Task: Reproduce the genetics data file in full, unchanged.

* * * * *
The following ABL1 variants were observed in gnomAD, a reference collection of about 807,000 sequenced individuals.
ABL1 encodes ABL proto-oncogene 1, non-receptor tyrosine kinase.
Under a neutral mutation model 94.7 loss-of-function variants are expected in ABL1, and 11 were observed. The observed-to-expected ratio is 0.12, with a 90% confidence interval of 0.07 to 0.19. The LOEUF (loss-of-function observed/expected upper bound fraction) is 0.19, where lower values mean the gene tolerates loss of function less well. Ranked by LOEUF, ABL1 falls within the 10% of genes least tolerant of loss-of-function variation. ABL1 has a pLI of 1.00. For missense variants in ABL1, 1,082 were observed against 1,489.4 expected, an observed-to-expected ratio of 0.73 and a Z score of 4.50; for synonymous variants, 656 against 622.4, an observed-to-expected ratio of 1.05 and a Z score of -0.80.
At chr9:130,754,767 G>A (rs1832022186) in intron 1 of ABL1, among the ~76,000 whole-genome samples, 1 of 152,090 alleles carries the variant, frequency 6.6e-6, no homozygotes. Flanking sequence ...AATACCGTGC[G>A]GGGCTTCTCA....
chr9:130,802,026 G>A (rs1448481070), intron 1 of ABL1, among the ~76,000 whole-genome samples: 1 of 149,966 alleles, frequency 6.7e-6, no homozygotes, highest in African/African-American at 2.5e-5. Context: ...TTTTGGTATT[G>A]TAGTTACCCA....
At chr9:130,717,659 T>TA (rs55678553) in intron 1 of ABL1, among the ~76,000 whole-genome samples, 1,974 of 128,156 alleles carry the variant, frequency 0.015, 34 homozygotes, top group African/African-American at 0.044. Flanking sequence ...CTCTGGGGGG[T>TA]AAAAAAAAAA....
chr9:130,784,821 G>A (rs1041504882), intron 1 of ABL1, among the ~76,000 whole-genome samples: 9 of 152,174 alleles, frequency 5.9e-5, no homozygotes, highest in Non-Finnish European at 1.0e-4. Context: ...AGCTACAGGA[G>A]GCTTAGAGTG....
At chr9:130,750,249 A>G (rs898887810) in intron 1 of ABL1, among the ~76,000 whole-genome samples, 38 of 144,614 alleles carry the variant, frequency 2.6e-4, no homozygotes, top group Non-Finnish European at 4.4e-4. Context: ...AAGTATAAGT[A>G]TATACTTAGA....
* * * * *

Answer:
The following ABL1 variants were observed in gnomAD, a reference collection of about 807,000 sequenced individuals.
ABL1 encodes ABL proto-oncogene 1, non-receptor tyrosine kinase.
Under a neutral mutation model 94.7 loss-of-function variants are expected in ABL1, and 11 were observed. The observed-to-expected ratio is 0.12, with a 90% confidence interval of 0.07 to 0.19. The LOEUF (loss-of-function observed/expected upper bound fraction) is 0.19, where lower values mean the gene tolerates loss of function less well. Ranked by LOEUF, ABL1 falls within the 10% of genes least tolerant of loss-of-function variation. ABL1 has a pLI of 1.00. For missense variants in ABL1, 1,082 were observed against 1,489.4 expected, an observed-to-expected ratio of 0.73 and a Z score of 4.50; for synonymous variants, 656 against 622.4, an observed-to-expected ratio of 1.05 and a Z score of -0.80.
At chr9:130,754,767 G>A (rs1832022186) in intron 1 of ABL1, among the ~76,000 whole-genome samples, 1 of 152,090 alleles carries the variant, frequency 6.6e-6, no homozygotes. Flanking sequence ...AATACCGTGC[G>A]GGGCTTCTCA....
chr9:130,802,026 G>A (rs1448481070), intron 1 of ABL1, among the ~76,000 whole-genome samples: 1 of 149,966 alleles, frequency 6.7e-6, no homozygotes, highest in African/African-American at 2.5e-5. Context: ...TTTTGGTATT[G>A]TAGTTACCCA....
At chr9:130,717,659 T>TA (rs55678553) in intron 1 of ABL1, among the ~76,000 whole-genome samples, 1,974 of 128,156 alleles carry the variant, frequency 0.015, 34 homozygotes, top group African/African-American at 0.044. Flanking sequence ...CTCTGGGGGG[T>TA]AAAAAAAAAA....
chr9:130,784,821 G>A (rs1041504882), intron 1 of ABL1, among the ~76,000 whole-genome samples: 9 of 152,174 alleles, frequency 5.9e-5, no homozygotes, highest in Non-Finnish European at 1.0e-4. Context: ...AGCTACAGGA[G>A]GCTTAGAGTG....
At chr9:130,750,249 A>G (rs898887810) in intron 1 of ABL1, among the ~76,000 whole-genome samples, 38 of 144,614 alleles carry the variant, frequency 2.6e-4, no homozygotes, top group Non-Finnish European at 4.4e-4. Context: ...AAGTATAAGT[A>G]TATACTTAGA....